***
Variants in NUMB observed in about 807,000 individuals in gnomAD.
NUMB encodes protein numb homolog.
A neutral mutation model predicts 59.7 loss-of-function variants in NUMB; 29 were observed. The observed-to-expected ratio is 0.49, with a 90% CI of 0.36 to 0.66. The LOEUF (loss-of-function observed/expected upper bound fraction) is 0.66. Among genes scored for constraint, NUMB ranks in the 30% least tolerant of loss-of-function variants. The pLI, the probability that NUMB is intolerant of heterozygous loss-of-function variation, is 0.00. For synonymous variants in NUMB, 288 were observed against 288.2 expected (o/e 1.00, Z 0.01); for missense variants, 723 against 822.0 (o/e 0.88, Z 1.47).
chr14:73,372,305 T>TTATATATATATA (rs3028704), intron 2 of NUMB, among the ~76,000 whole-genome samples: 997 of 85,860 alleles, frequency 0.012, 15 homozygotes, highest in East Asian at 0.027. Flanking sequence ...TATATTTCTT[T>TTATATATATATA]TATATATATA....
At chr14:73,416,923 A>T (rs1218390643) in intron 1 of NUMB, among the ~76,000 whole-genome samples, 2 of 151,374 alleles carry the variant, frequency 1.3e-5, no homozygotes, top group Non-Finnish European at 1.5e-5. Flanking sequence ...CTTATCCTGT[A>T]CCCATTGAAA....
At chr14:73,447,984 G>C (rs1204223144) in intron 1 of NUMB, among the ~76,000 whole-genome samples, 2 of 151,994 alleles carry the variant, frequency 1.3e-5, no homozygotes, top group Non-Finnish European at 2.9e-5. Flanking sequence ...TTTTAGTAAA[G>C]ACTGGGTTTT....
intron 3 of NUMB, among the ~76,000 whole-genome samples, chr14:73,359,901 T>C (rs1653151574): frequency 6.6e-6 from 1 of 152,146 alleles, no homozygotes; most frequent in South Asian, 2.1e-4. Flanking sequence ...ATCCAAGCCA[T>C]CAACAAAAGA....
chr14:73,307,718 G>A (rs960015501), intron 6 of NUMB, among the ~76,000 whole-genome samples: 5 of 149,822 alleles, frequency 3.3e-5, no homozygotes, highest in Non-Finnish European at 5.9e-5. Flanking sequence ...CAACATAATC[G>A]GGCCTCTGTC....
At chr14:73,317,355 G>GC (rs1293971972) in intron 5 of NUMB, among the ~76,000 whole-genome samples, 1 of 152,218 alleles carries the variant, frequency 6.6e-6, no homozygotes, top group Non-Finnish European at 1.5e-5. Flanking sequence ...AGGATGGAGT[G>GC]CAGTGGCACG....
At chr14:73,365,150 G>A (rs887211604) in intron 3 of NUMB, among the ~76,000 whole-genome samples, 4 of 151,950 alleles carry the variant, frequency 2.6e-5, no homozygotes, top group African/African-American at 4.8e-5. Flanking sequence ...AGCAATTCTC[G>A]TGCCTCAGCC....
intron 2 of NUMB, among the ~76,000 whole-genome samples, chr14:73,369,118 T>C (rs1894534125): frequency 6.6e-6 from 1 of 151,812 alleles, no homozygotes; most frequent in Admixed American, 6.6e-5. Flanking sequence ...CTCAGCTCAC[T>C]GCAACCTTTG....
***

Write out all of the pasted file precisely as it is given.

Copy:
Variants in NUMB observed in about 807,000 individuals in gnomAD.
NUMB encodes protein numb homolog.
A neutral mutation model predicts 59.7 loss-of-function variants in NUMB; 29 were observed. The observed-to-expected ratio is 0.49, with a 90% CI of 0.36 to 0.66. The LOEUF (loss-of-function observed/expected upper bound fraction) is 0.66. Among genes scored for constraint, NUMB ranks in the 30% least tolerant of loss-of-function variants. The pLI, the probability that NUMB is intolerant of heterozygous loss-of-function variation, is 0.00. For synonymous variants in NUMB, 288 were observed against 288.2 expected (o/e 1.00, Z 0.01); for missense variants, 723 against 822.0 (o/e 0.88, Z 1.47).
chr14:73,372,305 T>TTATATATATATA (rs3028704), intron 2 of NUMB, among the ~76,000 whole-genome samples: 997 of 85,860 alleles, frequency 0.012, 15 homozygotes, highest in East Asian at 0.027. Flanking sequence ...TATATTTCTT[T>TTATATATATATA]TATATATATA....
At chr14:73,416,923 A>T (rs1218390643) in intron 1 of NUMB, among the ~76,000 whole-genome samples, 2 of 151,374 alleles carry the variant, frequency 1.3e-5, no homozygotes, top group Non-Finnish European at 1.5e-5. Flanking sequence ...CTTATCCTGT[A>T]CCCATTGAAA....
At chr14:73,447,984 G>C (rs1204223144) in intron 1 of NUMB, among the ~76,000 whole-genome samples, 2 of 151,994 alleles carry the variant, frequency 1.3e-5, no homozygotes, top group Non-Finnish European at 2.9e-5. Flanking sequence ...TTTTAGTAAA[G>C]ACTGGGTTTT....
intron 3 of NUMB, among the ~76,000 whole-genome samples, chr14:73,359,901 T>C (rs1653151574): frequency 6.6e-6 from 1 of 152,146 alleles, no homozygotes; most frequent in South Asian, 2.1e-4. Flanking sequence ...ATCCAAGCCA[T>C]CAACAAAAGA....
chr14:73,307,718 G>A (rs960015501), intron 6 of NUMB, among the ~76,000 whole-genome samples: 5 of 149,822 alleles, frequency 3.3e-5, no homozygotes, highest in Non-Finnish European at 5.9e-5. Flanking sequence ...CAACATAATC[G>A]GGCCTCTGTC....
At chr14:73,317,355 G>GC (rs1293971972) in intron 5 of NUMB, among the ~76,000 whole-genome samples, 1 of 152,218 alleles carries the variant, frequency 6.6e-6, no homozygotes, top group Non-Finnish European at 1.5e-5. Flanking sequence ...AGGATGGAGT[G>GC]CAGTGGCACG....
At chr14:73,365,150 G>A (rs887211604) in intron 3 of NUMB, among the ~76,000 whole-genome samples, 4 of 151,950 alleles carry the variant, frequency 2.6e-5, no homozygotes, top group African/African-American at 4.8e-5. Flanking sequence ...AGCAATTCTC[G>A]TGCCTCAGCC....
intron 2 of NUMB, among the ~76,000 whole-genome samples, chr14:73,369,118 T>C (rs1894534125): frequency 6.6e-6 from 1 of 151,812 alleles, no homozygotes; most frequent in Admixed American, 6.6e-5. Flanking sequence ...CTCAGCTCAC[T>C]GCAACCTTTG....